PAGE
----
DB: Your client work has led to having your work in the Tryp Hotel and the new Beauty Shoppe Terminal Building. How do you balance the various aspects of your practice: drawing, photography, and client work?
aj: I started taking photography classes in seventh grade. The darkroom was a very active part of my life. I slowed down on picture taking in 2011 when it got harder to find places to process [film]. But I started shooting again two years ago. I found my old negatives and remembered that this is the thing that I’ve been doing the longest. It’s been really fun to share that work. I’m not sure what I want to doing with it. Making art, in general, brings me joy. But photography purely brings me joy as there is no capital attachment to it.
The linework is like having a conversation. The linework and the client work are deeply entangled at this point. It has become my trademark. In regards to balance, I might have to get back to you on that. I don’t have any.
DB: Do you have a job outside of art?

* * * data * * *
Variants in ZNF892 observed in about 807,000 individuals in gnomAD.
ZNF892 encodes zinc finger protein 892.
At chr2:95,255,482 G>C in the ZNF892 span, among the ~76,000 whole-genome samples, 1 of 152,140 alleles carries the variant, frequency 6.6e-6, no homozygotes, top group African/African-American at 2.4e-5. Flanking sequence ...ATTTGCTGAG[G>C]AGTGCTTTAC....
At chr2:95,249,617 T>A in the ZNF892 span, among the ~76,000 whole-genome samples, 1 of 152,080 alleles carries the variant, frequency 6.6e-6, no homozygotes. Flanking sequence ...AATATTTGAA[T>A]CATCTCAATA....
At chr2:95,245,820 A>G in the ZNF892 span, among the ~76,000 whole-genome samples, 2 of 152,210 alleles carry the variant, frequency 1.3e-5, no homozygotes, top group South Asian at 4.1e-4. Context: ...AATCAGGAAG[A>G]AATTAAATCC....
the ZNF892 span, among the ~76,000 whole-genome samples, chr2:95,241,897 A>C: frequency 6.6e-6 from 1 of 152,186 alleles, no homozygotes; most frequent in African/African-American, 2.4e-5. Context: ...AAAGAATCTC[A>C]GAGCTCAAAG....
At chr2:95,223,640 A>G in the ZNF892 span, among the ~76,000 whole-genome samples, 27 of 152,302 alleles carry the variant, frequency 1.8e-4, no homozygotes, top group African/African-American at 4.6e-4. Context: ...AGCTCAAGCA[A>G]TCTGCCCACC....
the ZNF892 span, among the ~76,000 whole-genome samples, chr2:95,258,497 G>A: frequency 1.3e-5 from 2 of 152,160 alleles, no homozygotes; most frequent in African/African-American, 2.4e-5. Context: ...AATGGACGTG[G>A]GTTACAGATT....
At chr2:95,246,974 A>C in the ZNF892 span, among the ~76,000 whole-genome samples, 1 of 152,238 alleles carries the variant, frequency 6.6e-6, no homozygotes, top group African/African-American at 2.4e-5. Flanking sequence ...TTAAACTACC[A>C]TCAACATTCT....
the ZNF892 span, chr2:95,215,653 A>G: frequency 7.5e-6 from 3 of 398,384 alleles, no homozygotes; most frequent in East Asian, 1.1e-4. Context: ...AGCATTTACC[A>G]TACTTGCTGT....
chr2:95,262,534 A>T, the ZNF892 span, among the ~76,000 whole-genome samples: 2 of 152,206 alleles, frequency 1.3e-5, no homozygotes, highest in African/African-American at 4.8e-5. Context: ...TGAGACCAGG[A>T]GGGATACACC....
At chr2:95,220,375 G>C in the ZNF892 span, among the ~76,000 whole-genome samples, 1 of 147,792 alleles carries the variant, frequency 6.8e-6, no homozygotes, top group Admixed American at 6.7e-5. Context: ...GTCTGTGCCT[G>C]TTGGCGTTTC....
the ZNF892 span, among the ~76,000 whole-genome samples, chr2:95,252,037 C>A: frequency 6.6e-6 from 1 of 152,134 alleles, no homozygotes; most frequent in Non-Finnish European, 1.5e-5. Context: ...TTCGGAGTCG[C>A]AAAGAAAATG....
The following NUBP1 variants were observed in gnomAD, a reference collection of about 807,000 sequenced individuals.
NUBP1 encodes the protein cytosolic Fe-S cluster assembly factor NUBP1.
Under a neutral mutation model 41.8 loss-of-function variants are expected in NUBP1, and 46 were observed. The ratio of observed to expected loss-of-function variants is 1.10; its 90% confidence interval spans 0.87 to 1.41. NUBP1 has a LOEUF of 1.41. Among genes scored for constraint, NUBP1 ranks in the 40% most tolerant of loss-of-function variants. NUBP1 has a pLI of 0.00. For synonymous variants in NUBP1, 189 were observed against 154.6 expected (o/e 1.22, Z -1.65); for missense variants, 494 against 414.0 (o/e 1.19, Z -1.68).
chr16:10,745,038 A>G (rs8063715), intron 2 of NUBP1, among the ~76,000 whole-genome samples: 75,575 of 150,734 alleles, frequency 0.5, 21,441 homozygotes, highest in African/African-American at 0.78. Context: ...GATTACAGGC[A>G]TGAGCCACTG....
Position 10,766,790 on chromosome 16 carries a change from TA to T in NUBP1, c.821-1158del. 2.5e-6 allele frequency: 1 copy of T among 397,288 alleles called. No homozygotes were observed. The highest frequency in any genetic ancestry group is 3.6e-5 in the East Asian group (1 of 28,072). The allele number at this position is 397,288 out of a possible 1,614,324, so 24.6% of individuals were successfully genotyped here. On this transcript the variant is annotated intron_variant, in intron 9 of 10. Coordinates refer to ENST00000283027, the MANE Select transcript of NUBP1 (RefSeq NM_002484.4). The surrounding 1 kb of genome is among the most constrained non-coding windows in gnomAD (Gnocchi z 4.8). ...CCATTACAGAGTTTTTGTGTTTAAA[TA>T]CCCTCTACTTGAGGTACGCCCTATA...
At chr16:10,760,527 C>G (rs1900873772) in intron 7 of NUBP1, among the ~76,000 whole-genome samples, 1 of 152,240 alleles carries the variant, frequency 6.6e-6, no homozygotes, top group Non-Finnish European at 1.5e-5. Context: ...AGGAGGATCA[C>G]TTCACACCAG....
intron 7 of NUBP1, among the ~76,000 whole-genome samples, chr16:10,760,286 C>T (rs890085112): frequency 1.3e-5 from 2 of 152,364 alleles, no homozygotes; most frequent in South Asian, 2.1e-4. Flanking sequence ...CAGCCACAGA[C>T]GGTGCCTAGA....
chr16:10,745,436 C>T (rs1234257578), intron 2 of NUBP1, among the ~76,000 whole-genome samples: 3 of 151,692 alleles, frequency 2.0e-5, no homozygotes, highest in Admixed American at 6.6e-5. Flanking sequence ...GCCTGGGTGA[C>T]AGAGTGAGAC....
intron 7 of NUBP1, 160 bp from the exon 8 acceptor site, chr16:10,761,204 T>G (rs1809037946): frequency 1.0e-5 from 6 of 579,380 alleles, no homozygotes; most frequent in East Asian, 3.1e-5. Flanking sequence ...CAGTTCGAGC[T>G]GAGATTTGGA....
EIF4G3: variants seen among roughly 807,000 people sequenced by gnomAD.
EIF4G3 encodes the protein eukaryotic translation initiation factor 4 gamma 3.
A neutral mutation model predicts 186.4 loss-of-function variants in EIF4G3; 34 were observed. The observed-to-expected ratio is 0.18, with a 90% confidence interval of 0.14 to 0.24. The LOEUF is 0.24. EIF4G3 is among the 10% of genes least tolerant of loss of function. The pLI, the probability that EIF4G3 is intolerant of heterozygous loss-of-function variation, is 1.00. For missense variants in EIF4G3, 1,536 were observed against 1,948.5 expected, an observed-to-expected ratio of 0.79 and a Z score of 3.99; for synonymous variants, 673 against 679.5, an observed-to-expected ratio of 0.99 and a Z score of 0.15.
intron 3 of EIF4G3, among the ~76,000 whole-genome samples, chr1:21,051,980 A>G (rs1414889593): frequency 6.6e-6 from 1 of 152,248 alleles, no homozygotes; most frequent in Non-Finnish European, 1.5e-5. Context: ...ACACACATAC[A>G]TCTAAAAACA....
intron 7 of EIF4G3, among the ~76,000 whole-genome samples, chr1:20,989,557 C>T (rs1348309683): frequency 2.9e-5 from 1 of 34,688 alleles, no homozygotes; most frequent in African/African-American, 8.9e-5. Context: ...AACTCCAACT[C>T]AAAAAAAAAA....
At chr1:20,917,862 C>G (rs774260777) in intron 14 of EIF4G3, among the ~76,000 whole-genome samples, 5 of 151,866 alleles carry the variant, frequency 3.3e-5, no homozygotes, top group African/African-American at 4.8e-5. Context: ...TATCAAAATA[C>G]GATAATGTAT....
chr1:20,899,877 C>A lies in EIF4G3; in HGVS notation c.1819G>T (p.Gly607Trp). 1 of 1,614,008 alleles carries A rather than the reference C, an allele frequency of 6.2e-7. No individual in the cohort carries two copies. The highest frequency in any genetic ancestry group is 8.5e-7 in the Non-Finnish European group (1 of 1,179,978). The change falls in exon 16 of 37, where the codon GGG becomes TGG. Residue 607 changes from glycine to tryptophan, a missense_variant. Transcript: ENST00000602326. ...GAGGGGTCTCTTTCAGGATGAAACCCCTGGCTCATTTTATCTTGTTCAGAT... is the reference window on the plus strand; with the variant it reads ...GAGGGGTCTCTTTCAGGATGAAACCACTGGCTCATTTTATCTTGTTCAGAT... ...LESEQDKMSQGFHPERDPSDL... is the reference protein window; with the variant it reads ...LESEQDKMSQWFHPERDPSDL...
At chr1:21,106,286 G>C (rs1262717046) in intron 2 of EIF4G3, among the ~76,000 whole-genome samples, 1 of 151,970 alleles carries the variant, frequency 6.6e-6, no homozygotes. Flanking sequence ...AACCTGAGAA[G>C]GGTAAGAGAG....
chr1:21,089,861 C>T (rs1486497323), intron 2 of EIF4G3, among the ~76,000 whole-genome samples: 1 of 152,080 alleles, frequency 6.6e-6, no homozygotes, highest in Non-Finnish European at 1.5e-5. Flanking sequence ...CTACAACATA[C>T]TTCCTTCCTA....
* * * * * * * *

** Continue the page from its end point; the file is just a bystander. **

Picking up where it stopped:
aj: I still have a part time job. In thinking about work, when I moved to Pittsburgh, I started working at Ace Hotel. I was familiar with Ace Hotel from New York, so brand alignment worked for me. I worked at the front desk and later became the Human Resources director. There were changes that I wanted to see happen. Being able to foster that space for the time that I did, meeting community members and people that access that space as a safe haven, whether social or for work, that’s one of the aspects of how communities build. Of course, it is a problematic establishment in regards to gentrification. But what do you do with that? Because someone is going to move into the space. Now that we’re here, it’s a matter of what do you do with your seat at the table, for me at least. I think that’s an aspect of gentrifying cities that we don’t talk about enough. There’s a lot of protests, but it’s a losing battle. Your city is changing. To say that you don’t want the Starbucks to move in–like, yes–but the thing is is that the Starbucks is probably going to move in. Can you get them to do local programming? If these places are going to get in, what are their responsibilities to your community? Those are the conversations that I’m more interested in.